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UK Government to Adopt a Russia-Style Mass Surveillance System


Recently, the UK government has presented a mass surveillance law which has managed to get the attention of the internet users from all over the world, as the recommendations given in the draft are in no way acceptable for any person who wants to ensure his privacy. Here are the insights to the law and its impact on British people.

British Citizens Will No longer have a Private Life

The British government is using a legislation to grab the private information of its people. Once the law is in effect, the government authorities would be given the right to get access to the private information of the people, including their audio calls, emails, and text messages. This is nothing compared to what you will be reading next. In the legislation named Investigatory Power Bill, it is suggested that the internet authorities should be ordered to save the browsing history of every single person and keep it safe for 12 months so that the police, security agencies and other government authorities can get access to it whenever they want.

This is Not the First Time

Unfortunately, this is not the first time the UK government has presented this law. It presented a similar law in the past which was rejected for obvious reasons. Other similar laws based on online monitoring have already been rejected in the United States, Canada and various other European countries due to the privacy concerns of the people.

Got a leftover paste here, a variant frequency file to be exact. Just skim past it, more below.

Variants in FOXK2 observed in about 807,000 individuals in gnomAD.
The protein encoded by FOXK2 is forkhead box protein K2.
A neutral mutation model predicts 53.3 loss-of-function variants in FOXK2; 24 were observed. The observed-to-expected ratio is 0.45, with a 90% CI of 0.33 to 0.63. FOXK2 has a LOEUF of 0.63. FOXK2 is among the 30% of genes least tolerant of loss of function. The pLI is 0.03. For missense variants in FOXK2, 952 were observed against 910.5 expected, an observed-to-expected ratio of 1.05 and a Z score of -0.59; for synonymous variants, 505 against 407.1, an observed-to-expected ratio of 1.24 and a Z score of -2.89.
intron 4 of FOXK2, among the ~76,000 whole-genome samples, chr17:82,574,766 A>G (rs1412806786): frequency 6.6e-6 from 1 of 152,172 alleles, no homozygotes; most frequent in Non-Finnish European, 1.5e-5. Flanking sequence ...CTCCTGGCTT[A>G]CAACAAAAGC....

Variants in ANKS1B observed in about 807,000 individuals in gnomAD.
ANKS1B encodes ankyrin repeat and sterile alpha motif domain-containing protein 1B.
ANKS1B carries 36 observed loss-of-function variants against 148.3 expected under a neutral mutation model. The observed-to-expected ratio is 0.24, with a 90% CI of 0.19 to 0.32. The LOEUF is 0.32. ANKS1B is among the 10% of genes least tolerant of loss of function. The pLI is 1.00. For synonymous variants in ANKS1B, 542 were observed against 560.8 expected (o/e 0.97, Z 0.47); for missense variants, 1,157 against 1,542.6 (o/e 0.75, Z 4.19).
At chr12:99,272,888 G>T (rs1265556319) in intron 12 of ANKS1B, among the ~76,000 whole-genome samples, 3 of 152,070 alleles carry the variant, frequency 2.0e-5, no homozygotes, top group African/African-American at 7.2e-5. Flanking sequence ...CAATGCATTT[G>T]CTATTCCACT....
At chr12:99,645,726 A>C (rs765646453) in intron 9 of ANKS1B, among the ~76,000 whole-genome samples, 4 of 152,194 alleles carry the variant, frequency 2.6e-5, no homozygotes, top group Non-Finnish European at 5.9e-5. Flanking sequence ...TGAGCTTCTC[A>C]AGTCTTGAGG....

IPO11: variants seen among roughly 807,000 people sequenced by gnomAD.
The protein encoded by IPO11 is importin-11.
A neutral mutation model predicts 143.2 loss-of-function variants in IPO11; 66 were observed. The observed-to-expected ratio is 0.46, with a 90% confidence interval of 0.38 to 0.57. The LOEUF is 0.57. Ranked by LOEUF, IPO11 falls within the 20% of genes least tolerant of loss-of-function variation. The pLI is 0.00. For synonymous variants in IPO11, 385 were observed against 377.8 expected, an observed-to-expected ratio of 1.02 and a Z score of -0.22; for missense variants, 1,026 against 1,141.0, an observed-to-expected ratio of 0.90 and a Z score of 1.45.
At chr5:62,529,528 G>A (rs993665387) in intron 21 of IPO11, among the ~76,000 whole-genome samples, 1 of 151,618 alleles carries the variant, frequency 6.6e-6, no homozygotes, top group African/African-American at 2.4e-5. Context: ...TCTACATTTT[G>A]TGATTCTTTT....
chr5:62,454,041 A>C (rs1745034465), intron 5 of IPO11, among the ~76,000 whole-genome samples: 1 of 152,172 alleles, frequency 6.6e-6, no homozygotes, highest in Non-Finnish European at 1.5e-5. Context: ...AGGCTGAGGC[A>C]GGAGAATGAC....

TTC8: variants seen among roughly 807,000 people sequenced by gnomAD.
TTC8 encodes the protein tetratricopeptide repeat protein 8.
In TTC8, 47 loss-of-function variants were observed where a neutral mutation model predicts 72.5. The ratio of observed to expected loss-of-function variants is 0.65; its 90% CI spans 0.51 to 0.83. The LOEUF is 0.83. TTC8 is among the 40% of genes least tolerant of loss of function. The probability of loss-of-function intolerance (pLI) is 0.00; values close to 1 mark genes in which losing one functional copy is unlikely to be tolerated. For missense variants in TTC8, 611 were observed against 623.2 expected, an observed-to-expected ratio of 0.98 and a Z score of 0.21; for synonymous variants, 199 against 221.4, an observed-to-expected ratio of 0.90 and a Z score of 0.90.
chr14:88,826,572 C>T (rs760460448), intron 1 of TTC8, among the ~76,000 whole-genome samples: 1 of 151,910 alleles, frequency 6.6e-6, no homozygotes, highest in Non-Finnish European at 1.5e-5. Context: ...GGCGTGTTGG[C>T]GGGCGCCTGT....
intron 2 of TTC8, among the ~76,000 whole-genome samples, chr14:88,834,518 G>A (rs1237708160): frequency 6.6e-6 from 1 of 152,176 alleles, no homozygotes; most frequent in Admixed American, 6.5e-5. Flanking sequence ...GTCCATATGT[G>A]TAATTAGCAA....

What Politicians Say?

Home Secretary Theresa May was the one presenting the law and she supported the law by saying that there has been a huge increase in hacking attacks in the UK. What she did not mention was that previously, hackers used to exploit the privacy of British citizens by hacking into their computers and smartphones. Now, the UK government plans on doing it. She also said that civil liberties groups will be consulted while preparing the final draft of the legislation. Whether or not the suggestions and recommendations of these groups will be accepted is another question that remains to be answered. Jim Killock, who happens to be the executive director of the Open Rights Group, had a quick read of the lengthy document and stated that this seems to be “an attempt to grab even more intrusive surveillance powers”. Also it “gives the state intrusive hacking powers that can carry risks for everyone’s internet security”.

Apple and Facebook are finally off the Radar

Fortunately, Apple, Facebook, WhatsApp, and other big companies are off the radar as the UK government has taken back its requirement to remove the encryption from the messaging service of all these tech icons.